Novel gene therapy enables persistent anti-tumor immune response
Cancer immunotherapy can successfully use the body's own immune system to kill tumor cells. But some current approaches to stimulate an antitumor immune response are short-lived, with limited clinical effectiveness. A new gene transfer strategy that introduces modified, immune-stimulating human stem cells is both feasible and effective for achieving persistent immunotherapy to treat leukemias and lymophomas, according to a study published in Human Gene Therapy.
Satiro Nakamura De Oliveira and coauthors from the David Geffen School of Medicine, University of California, Los Angeles and University of Texas MD Anderson Cancer Center, Houston, describe the gene transfer method they developed to deliver chimeric antigen receptors, or CARS, that direct the immune system to target tumor cells derived from B-lymphocytes.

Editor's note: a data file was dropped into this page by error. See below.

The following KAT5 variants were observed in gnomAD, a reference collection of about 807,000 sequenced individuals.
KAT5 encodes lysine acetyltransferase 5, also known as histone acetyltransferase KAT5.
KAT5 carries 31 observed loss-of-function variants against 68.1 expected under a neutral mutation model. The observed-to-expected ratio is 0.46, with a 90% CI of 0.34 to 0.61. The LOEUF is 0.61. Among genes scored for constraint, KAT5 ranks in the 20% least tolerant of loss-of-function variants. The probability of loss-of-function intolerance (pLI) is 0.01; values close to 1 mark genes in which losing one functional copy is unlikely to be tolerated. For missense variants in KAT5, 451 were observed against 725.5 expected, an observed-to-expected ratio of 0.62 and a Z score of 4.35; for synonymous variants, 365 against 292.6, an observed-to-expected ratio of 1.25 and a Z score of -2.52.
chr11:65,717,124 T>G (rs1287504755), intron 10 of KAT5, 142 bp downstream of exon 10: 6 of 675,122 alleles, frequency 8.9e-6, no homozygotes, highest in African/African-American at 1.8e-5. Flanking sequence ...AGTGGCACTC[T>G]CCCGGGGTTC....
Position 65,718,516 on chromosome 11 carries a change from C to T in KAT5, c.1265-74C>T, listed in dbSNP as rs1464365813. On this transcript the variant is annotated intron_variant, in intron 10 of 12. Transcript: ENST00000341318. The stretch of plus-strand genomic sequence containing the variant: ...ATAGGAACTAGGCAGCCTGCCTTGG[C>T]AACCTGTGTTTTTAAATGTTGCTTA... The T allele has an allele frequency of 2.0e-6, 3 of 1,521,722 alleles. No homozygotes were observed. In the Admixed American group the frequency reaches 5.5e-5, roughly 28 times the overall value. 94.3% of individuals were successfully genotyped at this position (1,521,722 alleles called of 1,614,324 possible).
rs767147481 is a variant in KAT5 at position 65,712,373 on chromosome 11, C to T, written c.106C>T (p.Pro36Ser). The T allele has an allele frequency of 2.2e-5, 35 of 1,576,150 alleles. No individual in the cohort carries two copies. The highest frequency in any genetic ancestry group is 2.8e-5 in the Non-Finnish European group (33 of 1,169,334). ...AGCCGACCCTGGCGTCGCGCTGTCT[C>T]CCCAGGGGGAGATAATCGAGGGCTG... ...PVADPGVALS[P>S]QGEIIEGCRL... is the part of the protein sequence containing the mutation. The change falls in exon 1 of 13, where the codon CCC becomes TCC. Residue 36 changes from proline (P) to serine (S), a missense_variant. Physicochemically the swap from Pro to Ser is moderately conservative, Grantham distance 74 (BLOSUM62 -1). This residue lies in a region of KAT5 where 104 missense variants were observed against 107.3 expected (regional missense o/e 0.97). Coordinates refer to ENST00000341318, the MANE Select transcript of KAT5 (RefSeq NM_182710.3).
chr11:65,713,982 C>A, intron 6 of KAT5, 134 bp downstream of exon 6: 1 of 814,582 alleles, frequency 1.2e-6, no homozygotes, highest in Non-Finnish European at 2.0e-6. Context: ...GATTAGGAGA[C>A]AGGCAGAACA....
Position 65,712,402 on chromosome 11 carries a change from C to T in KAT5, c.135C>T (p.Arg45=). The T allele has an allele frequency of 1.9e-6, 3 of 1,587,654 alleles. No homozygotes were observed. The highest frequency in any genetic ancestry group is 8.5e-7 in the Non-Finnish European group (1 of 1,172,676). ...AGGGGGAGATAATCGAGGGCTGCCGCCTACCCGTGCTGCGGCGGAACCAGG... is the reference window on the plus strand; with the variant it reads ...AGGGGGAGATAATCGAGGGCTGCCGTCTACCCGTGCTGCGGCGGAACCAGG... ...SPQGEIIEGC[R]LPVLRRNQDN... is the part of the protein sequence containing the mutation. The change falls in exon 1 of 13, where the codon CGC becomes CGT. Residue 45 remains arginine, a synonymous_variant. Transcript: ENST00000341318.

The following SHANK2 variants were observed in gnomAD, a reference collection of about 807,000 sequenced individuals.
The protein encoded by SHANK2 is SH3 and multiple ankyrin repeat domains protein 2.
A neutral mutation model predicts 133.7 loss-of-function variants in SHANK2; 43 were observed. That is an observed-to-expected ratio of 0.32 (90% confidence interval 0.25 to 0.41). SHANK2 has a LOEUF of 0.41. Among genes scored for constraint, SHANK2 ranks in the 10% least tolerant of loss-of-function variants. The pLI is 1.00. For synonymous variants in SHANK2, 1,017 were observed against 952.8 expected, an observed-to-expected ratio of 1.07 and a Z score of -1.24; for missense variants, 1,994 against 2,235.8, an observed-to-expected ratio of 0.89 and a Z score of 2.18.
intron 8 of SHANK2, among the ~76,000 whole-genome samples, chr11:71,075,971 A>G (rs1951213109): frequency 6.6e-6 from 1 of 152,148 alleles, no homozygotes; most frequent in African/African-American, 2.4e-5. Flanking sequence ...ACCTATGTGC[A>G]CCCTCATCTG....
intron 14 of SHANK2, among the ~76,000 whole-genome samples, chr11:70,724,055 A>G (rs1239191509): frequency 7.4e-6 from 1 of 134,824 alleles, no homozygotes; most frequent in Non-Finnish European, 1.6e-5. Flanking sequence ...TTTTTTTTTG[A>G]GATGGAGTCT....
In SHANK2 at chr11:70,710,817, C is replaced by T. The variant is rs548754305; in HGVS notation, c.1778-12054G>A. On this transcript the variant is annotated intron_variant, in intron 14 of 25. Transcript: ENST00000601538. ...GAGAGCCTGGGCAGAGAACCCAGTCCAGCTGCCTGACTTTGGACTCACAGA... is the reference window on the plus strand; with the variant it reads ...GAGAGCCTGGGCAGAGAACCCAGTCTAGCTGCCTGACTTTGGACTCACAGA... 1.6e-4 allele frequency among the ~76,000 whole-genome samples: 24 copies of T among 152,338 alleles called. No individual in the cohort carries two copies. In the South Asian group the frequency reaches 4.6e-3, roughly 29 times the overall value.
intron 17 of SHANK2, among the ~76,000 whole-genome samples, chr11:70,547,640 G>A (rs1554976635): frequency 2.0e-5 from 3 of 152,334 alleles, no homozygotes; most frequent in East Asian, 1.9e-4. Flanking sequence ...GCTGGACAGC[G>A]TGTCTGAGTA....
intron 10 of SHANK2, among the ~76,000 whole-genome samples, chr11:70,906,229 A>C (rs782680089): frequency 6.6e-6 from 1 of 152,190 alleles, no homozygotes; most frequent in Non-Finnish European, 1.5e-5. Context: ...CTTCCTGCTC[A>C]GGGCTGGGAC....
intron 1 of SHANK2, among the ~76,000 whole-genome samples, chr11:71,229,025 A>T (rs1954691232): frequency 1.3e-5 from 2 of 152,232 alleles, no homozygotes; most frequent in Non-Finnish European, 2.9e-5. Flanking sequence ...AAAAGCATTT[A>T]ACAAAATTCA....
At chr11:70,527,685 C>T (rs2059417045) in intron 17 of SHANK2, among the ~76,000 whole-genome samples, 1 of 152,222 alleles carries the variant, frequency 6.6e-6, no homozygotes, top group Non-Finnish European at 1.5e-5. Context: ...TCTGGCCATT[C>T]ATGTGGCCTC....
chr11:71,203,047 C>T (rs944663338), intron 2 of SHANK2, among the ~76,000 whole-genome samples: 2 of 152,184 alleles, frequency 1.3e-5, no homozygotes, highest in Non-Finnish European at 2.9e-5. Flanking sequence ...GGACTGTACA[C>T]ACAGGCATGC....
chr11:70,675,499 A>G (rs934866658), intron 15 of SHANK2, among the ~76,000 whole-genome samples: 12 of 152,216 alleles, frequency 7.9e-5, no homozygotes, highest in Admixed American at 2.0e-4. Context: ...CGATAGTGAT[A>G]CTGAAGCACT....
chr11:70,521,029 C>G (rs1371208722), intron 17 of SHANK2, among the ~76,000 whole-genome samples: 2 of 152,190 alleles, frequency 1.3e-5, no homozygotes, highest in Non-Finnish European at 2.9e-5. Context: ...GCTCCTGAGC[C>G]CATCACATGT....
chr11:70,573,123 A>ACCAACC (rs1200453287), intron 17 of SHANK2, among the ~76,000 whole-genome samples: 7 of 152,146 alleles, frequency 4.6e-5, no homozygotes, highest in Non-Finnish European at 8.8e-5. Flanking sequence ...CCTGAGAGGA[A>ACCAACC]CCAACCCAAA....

In the article "Modification of Hematopoietic Stem/Progenitor Cells with CD19-specific Chimeric Antigen Receptors as a Novel Approach for Cancer Immunotherapy" the authors show that by packaging the CARS in human hematopoietic stem cells, the immunotherapeutic receptors will be produced in the bloodstream for a long period of time. This persistent expression should improve their effectiveness in the treatment of blood cancers such as leukemia and lymphoma.
"This study represents an interesting new direction for an approach that has generated substantial interest," says Dr. Wilson, Director of the Gene Therapy Program, Department of Pathology and Laboratory Medicine, University of Pennsylvania Perelman School of Medicine, Philadelphia.